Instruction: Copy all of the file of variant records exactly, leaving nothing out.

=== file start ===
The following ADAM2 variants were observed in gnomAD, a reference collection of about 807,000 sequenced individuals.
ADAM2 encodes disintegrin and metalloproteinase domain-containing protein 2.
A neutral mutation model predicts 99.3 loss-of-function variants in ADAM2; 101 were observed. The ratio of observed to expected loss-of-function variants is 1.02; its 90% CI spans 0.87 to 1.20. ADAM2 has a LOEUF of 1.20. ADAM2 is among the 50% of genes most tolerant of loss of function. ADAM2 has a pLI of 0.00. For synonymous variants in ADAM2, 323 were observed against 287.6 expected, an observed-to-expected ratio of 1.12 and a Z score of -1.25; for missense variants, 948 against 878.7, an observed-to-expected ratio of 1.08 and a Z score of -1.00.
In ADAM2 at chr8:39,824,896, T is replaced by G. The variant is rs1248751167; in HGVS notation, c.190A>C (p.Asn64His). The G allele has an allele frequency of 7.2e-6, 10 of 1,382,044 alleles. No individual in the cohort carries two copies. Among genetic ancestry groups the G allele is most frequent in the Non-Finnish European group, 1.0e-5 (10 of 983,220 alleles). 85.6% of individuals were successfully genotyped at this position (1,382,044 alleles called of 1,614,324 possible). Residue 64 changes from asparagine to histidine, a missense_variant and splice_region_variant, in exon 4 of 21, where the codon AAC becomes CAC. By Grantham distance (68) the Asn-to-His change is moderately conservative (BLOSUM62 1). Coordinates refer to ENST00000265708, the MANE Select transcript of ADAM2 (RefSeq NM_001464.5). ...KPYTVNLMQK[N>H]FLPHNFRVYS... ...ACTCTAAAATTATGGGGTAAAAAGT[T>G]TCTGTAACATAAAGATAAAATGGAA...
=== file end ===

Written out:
The following ADAM2 variants were observed in gnomAD, a reference collection of about 807,000 sequenced individuals.
ADAM2 encodes disintegrin and metalloproteinase domain-containing protein 2.
A neutral mutation model predicts 99.3 loss-of-function variants in ADAM2; 101 were observed. The ratio of observed to expected loss-of-function variants is 1.02; its 90% CI spans 0.87 to 1.20. ADAM2 has a LOEUF of 1.20. ADAM2 is among the 50% of genes most tolerant of loss of function. ADAM2 has a pLI of 0.00. For synonymous variants in ADAM2, 323 were observed against 287.6 expected, an observed-to-expected ratio of 1.12 and a Z score of -1.25; for missense variants, 948 against 878.7, an observed-to-expected ratio of 1.08 and a Z score of -1.00.
In ADAM2 at chr8:39,824,896, T is replaced by G. The variant is rs1248751167; in HGVS notation, c.190A>C (p.Asn64His). The G allele has an allele frequency of 7.2e-6, 10 of 1,382,044 alleles. No individual in the cohort carries two copies. Among genetic ancestry groups the G allele is most frequent in the Non-Finnish European group, 1.0e-5 (10 of 983,220 alleles). 85.6% of individuals were successfully genotyped at this position (1,382,044 alleles called of 1,614,324 possible). Residue 64 changes from asparagine to histidine, a missense_variant and splice_region_variant, in exon 4 of 21, where the codon AAC becomes CAC. By Grantham distance (68) the Asn-to-His change is moderately conservative (BLOSUM62 1). Coordinates refer to ENST00000265708, the MANE Select transcript of ADAM2 (RefSeq NM_001464.5). ...KPYTVNLMQK[N>H]FLPHNFRVYS... ...ACTCTAAAATTATGGGGTAAAAAGT[T>G]TCTGTAACATAAAGATAAAATGGAA...